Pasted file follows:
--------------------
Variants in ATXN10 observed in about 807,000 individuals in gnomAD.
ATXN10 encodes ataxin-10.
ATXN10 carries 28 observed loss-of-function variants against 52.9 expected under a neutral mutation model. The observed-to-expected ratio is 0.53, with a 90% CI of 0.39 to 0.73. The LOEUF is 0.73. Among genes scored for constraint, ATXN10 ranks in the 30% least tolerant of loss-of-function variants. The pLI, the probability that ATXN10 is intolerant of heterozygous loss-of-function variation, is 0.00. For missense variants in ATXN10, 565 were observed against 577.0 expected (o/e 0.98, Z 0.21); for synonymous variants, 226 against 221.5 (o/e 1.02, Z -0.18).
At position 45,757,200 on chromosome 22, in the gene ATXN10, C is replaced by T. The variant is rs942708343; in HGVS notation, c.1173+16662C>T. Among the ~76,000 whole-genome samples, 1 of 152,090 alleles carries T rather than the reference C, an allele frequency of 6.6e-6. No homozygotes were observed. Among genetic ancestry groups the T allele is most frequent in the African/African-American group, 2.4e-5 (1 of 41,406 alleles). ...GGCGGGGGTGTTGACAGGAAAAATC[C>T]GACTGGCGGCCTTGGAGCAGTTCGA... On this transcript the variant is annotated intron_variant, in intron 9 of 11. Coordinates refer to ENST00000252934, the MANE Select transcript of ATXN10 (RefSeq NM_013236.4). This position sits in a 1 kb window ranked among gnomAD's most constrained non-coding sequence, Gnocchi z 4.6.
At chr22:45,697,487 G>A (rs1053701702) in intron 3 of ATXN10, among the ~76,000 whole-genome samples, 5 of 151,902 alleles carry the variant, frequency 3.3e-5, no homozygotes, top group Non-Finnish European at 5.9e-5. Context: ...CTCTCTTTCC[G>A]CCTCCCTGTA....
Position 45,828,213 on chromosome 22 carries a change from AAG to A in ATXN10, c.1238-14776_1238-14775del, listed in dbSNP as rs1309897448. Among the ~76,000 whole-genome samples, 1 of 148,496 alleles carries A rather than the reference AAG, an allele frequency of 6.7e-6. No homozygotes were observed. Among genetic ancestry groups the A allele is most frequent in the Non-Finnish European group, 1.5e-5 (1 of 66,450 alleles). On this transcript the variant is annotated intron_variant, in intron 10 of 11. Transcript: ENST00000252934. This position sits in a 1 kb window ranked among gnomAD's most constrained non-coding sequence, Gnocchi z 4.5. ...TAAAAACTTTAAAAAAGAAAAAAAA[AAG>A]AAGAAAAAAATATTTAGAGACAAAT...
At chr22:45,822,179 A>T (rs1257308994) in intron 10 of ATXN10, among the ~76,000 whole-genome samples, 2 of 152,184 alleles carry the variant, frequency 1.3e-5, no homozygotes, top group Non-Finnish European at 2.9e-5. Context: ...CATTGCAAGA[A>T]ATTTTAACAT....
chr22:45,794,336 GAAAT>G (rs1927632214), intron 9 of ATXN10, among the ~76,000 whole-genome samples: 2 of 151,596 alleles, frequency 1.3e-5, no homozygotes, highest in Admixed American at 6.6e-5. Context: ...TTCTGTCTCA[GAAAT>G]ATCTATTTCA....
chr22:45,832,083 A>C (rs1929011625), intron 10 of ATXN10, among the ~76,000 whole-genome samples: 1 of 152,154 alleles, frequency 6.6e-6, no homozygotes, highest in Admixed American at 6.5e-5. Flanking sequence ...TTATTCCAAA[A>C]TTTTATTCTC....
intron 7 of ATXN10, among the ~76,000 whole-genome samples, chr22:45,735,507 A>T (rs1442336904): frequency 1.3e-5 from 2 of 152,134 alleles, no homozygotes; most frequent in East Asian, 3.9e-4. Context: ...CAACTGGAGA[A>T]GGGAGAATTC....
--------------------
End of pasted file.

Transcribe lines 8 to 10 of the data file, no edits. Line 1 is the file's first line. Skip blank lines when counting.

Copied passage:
chr22:45,794,336 GAAAT>G (rs1927632214), intron 9 of ATXN10, among the ~76,000 whole-genome samples: 2 of 151,596 alleles, frequency 1.3e-5, no homozygotes, highest in Admixed American at 6.6e-5. Context: ...TTCTGTCTCA[GAAAT>G]ATCTATTTCA....
chr22:45,832,083 A>C (rs1929011625), intron 10 of ATXN10, among the ~76,000 whole-genome samples: 1 of 152,154 alleles, frequency 6.6e-6, no homozygotes, highest in Admixed American at 6.5e-5. Flanking sequence ...TTATTCCAAA[A>C]TTTTATTCTC....
intron 7 of ATXN10, among the ~76,000 whole-genome samples, chr22:45,735,507 A>T (rs1442336904): frequency 1.3e-5 from 2 of 152,134 alleles, no homozygotes; most frequent in East Asian, 3.9e-4. Context: ...CAACTGGAGA[A>T]GGGAGAATTC....